‘Sticks and stones may break my bones but words will never hurt me’. The phrase was a mantra often chanted in my house when we were growing up. We were taught to turn the other cheek when people spoke rudely and to not respond in kind.
It’s something I still live by but, when I really think about it, language matters. Words matter, especially when they come loaded with a predetermined meaning often around race, size, age and sexual orientation. Nowhere is this more apparent than when it comes to the media’s representation of women.
Slowly but surely though, the language used to talk about women is being reshaped. The narrative around women is shifting, empowering honest conversation and dismantling historical tropes. We’ve seen this in Nike’s latest campaign that takes the word crazy, frequently used insult women, and turns it on its head. As the New York Times writes, ‘crazy women’ is nothing new: “Women being labelled hysterical or crazy as a way to degrade them dates back centuries. ‘Hysteria’ – which comes from the Greek word for womb, hystera – was one of the first mental health conditions attributed to only women.”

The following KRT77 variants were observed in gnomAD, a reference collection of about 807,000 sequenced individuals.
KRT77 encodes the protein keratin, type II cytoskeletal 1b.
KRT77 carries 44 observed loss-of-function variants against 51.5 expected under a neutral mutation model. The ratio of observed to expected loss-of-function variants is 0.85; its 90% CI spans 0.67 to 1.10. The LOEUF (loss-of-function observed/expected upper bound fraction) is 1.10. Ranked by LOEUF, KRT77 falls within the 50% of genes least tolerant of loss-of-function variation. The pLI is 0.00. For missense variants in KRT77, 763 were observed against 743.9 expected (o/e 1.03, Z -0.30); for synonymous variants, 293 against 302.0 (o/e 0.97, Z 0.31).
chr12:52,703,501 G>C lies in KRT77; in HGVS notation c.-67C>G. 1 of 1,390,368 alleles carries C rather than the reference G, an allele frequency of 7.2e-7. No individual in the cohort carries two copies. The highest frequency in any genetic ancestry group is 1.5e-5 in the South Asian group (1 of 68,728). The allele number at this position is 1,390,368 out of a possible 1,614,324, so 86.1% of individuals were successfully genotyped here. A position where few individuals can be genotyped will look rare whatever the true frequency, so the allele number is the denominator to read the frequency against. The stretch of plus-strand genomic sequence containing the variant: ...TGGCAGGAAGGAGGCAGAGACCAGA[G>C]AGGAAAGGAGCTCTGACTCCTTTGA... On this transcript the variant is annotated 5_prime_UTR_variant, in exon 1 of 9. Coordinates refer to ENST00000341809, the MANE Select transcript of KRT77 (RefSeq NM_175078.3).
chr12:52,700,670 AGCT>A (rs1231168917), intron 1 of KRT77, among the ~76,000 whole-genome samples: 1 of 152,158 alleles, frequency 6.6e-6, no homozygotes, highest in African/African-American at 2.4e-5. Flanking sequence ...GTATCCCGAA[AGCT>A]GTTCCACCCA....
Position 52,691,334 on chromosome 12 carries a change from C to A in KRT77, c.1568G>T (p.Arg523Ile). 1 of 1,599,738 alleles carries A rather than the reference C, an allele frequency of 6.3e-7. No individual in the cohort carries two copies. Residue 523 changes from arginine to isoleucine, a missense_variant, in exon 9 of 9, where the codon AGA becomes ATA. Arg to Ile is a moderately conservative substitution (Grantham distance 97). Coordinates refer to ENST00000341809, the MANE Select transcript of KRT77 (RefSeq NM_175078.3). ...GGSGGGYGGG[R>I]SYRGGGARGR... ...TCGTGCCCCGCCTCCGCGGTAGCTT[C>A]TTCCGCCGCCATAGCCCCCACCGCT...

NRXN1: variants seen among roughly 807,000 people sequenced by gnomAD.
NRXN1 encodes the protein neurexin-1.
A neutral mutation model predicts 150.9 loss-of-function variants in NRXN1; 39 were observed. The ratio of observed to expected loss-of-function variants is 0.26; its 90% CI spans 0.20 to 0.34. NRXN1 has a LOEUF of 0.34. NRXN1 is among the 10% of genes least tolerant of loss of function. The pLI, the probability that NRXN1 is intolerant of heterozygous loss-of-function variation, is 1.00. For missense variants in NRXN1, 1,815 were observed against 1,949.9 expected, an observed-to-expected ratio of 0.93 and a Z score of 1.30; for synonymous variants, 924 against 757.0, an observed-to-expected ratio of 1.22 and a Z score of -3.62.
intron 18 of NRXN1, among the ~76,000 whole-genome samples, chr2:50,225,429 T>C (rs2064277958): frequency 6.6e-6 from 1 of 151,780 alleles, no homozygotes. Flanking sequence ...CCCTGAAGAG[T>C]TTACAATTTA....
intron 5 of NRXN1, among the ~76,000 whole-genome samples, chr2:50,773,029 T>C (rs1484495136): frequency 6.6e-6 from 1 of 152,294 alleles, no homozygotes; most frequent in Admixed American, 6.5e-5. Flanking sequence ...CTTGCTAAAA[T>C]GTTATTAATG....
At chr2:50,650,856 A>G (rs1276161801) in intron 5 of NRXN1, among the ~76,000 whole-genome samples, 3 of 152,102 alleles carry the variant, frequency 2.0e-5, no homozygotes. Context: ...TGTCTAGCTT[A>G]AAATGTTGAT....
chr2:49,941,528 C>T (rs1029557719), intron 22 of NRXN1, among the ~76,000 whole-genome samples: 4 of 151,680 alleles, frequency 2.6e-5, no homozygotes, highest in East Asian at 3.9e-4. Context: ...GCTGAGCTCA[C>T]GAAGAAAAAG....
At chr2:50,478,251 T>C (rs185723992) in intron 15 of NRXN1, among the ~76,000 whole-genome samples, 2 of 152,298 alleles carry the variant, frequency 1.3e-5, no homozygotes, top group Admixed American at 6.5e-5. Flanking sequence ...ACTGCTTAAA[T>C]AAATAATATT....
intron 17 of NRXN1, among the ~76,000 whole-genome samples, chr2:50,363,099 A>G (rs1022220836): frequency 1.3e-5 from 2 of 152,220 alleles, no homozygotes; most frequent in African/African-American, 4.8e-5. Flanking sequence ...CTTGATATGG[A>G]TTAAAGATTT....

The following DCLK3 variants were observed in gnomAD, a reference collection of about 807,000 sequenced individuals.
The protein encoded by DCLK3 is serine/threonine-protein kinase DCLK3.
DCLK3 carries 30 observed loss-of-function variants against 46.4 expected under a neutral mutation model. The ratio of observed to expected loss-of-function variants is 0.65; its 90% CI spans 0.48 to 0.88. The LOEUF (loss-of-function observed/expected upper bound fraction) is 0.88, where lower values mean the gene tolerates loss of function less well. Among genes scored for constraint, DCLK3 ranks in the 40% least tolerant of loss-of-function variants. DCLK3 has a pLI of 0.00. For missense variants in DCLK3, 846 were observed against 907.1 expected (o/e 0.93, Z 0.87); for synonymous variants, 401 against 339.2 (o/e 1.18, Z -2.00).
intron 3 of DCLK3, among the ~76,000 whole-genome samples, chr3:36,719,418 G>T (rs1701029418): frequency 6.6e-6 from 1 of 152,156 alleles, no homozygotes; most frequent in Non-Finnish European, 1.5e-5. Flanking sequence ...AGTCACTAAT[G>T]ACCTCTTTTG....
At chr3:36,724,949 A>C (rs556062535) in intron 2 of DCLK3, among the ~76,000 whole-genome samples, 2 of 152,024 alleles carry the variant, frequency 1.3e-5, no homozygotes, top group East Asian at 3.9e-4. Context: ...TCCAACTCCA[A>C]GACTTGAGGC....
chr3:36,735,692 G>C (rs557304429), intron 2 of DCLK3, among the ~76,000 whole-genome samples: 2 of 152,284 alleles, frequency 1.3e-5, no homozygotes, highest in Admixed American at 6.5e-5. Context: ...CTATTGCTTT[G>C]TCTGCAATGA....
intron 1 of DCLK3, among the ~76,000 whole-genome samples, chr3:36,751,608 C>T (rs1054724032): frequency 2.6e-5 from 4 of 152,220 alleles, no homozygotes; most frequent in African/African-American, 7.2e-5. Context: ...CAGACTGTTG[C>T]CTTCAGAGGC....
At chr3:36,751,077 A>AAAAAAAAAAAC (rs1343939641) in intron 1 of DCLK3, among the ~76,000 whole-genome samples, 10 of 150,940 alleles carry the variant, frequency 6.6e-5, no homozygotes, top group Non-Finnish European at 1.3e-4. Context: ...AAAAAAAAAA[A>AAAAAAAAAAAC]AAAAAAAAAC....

From Nike’s ‘Dream Crazier’ to Mothercare’s ‘Body Proud Mums’, we are seeing brands using language, paired up with imagery, to enable inclusivity and empowerment. This powerful visual and linguistic shift is starting to address, and dismantle, previous assumptions made about women.
The responsibility for this lies with brands and their agency partners to replace lazy, broad-brush stereotypes with our reality. The ads we are starting to see, particularly released around this year’s International Women’s Day, are beginning to reflect what we actually see when we look in the mirror.